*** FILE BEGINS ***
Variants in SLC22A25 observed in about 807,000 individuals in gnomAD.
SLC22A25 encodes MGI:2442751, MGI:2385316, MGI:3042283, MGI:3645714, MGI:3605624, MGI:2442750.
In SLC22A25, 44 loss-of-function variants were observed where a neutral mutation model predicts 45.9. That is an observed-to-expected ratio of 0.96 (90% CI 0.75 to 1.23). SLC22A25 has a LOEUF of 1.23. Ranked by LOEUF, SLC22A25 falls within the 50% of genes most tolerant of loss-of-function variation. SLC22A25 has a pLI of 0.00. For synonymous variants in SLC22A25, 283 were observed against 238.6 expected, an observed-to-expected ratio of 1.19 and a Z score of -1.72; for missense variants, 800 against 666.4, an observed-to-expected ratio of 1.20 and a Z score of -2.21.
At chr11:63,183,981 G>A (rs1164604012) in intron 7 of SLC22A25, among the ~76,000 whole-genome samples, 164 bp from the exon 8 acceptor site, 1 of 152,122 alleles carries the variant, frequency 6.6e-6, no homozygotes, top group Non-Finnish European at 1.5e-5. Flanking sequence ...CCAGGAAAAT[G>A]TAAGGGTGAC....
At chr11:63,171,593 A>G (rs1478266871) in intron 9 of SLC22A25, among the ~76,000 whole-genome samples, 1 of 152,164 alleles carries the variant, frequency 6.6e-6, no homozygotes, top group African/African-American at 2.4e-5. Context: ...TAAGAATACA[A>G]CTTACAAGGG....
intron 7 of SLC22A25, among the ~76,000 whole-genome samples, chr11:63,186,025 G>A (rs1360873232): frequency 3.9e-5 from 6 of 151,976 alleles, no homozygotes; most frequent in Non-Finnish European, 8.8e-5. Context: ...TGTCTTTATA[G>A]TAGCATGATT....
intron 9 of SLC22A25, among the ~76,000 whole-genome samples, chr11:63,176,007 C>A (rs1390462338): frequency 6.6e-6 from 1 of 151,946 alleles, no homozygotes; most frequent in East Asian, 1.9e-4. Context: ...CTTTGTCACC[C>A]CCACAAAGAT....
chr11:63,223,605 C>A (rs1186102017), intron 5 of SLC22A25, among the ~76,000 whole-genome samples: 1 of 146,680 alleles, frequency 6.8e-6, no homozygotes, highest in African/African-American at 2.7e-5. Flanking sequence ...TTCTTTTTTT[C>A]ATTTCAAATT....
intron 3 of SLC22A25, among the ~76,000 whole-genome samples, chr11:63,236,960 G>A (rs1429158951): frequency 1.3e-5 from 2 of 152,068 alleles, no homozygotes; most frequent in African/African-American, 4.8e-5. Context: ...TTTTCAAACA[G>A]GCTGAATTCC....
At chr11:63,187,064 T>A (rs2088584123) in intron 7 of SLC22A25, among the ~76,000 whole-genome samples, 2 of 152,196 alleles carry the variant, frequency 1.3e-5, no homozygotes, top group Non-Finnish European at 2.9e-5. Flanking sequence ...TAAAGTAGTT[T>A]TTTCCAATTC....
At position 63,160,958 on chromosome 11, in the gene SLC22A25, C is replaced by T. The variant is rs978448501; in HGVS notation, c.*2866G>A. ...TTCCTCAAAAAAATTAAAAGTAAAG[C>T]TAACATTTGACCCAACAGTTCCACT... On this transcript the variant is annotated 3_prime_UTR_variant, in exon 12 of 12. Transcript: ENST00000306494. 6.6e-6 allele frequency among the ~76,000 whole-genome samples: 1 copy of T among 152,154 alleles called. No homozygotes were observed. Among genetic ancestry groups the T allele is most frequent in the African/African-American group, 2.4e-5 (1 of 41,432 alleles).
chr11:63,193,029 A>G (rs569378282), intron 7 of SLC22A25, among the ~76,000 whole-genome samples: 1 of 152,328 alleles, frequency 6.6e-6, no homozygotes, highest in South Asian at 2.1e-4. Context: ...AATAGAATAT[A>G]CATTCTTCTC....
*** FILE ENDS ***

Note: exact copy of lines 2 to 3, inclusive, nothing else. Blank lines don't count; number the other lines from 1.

SLC22A25 encodes MGI:2442751, MGI:2385316, MGI:3042283, MGI:3645714, MGI:3605624, MGI:2442750.
In SLC22A25, 44 loss-of-function variants were observed where a neutral mutation model predicts 45.9. That is an observed-to-expected ratio of 0.96 (90% CI 0.75 to 1.23). SLC22A25 has a LOEUF of 1.23. Ranked by LOEUF, SLC22A25 falls within the 50% of genes most tolerant of loss-of-function variation. SLC22A25 has a pLI of 0.00. For synonymous variants in SLC22A25, 283 were observed against 238.6 expected, an observed-to-expected ratio of 1.19 and a Z score of -1.72; for missense variants, 800 against 666.4, an observed-to-expected ratio of 1.20 and a Z score of -2.21.